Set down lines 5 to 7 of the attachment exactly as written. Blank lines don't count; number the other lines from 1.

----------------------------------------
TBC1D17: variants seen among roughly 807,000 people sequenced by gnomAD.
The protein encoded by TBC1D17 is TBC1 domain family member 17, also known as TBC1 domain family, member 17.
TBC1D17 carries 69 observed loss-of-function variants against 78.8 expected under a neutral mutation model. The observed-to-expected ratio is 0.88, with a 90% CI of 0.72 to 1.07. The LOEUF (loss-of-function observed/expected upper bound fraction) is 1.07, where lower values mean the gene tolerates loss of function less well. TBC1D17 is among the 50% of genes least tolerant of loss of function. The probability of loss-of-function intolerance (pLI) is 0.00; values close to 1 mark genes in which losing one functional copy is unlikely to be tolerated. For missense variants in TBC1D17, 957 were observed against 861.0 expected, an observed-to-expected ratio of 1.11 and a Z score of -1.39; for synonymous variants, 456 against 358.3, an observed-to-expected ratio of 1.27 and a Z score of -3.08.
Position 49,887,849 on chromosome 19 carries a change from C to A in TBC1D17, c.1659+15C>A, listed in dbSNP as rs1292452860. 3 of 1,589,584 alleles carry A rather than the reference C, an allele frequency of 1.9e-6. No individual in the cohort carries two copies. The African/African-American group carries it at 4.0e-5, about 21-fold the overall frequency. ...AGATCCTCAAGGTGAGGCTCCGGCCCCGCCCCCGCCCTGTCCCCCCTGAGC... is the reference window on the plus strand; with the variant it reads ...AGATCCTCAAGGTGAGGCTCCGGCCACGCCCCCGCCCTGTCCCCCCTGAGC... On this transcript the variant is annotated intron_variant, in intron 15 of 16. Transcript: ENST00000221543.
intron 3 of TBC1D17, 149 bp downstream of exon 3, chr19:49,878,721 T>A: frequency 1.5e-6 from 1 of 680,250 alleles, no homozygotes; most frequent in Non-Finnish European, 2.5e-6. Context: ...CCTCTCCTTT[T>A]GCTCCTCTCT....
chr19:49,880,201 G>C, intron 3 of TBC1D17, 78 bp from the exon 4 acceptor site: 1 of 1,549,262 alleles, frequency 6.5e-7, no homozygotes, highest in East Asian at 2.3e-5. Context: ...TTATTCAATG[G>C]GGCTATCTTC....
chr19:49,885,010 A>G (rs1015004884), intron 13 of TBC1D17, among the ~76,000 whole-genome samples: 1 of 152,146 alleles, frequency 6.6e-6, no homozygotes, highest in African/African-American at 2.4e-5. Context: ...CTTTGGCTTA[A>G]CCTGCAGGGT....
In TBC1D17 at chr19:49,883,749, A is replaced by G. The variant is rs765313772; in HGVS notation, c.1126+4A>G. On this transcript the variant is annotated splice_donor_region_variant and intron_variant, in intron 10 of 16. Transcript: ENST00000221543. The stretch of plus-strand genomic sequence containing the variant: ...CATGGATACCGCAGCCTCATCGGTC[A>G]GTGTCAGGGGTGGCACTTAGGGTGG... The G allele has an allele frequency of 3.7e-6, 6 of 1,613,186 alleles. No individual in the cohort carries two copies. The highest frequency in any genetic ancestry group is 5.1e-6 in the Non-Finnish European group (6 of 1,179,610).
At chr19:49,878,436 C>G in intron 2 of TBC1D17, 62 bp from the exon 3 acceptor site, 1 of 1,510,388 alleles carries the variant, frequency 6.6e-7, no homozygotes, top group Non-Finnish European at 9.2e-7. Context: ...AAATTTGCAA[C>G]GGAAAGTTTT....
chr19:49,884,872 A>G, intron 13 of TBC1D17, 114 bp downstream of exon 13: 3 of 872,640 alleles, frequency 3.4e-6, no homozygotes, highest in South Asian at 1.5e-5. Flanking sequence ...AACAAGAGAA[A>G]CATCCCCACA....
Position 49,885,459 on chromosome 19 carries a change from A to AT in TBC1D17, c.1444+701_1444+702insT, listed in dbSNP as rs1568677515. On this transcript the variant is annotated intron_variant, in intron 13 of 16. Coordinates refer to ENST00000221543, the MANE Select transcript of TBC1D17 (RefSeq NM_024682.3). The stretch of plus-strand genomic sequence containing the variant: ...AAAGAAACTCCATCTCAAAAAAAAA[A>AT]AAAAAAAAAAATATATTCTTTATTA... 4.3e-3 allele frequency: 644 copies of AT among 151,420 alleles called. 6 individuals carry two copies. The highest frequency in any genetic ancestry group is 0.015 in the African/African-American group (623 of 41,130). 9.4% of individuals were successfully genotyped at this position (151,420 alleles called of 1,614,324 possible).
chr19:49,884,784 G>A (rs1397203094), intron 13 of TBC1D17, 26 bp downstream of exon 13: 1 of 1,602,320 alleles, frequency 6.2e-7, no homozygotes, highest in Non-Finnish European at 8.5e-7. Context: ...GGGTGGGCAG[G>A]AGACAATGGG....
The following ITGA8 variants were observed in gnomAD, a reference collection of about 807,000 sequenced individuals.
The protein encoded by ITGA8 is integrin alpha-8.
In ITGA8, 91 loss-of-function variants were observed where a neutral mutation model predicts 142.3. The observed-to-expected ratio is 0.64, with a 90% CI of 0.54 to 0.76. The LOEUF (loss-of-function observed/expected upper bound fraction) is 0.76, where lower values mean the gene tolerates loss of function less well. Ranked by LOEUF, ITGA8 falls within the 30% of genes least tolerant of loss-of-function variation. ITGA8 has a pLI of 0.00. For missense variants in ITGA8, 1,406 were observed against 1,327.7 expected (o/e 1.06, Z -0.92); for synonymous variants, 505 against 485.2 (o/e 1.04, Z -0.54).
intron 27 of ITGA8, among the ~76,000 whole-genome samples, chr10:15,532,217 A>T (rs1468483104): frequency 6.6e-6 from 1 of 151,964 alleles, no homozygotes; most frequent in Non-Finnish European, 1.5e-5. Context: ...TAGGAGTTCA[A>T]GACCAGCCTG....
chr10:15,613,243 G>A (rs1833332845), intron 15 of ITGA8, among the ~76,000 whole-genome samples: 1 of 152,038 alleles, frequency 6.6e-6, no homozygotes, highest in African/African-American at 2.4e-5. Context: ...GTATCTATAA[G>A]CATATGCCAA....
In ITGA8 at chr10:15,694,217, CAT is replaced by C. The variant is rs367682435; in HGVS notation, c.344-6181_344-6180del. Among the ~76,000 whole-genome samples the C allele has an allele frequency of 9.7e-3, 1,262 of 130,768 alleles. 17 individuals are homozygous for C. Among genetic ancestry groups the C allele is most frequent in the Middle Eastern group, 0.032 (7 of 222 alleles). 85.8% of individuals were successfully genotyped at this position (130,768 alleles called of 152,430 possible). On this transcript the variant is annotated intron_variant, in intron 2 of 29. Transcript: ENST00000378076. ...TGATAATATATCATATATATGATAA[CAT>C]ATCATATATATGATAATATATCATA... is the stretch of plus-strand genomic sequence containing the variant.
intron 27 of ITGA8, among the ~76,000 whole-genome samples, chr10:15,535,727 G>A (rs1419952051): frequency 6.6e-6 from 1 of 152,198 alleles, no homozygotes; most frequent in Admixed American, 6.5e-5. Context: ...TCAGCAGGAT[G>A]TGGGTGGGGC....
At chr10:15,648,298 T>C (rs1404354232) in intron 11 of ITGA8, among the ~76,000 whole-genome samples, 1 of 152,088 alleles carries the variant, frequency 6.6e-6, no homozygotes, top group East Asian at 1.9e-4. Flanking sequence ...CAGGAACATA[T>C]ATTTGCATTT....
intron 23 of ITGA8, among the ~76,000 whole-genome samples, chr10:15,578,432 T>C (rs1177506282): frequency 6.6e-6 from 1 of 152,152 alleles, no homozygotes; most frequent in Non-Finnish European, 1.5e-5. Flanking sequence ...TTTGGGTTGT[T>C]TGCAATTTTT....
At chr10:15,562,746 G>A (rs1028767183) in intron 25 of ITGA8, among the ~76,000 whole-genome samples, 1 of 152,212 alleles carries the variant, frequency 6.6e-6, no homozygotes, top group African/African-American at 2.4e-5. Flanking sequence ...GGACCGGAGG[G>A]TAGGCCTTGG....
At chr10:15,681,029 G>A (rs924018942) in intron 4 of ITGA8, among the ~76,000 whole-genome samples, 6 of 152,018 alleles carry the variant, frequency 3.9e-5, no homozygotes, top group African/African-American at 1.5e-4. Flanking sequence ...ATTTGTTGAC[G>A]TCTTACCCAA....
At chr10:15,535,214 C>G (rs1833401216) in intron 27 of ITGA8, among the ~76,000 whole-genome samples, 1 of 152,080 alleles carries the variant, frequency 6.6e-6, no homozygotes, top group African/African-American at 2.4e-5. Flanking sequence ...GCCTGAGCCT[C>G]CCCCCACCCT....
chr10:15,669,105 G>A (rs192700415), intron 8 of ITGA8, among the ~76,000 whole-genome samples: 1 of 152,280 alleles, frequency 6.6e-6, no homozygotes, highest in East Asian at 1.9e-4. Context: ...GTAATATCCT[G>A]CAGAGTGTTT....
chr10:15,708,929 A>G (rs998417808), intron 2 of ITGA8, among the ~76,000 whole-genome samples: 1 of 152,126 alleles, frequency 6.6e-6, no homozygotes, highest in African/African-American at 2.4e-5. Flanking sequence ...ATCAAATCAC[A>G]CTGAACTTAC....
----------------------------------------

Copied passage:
intron 3 of TBC1D17, 149 bp downstream of exon 3, chr19:49,878,721 T>A: frequency 1.5e-6 from 1 of 680,250 alleles, no homozygotes; most frequent in Non-Finnish European, 2.5e-6. Context: ...CCTCTCCTTT[T>A]GCTCCTCTCT....
chr19:49,880,201 G>C, intron 3 of TBC1D17, 78 bp from the exon 4 acceptor site: 1 of 1,549,262 alleles, frequency 6.5e-7, no homozygotes, highest in East Asian at 2.3e-5. Context: ...TTATTCAATG[G>C]GGCTATCTTC....
chr19:49,885,010 A>G (rs1015004884), intron 13 of TBC1D17, among the ~76,000 whole-genome samples: 1 of 152,146 alleles, frequency 6.6e-6, no homozygotes, highest in African/African-American at 2.4e-5. Context: ...CTTTGGCTTA[A>G]CCTGCAGGGT....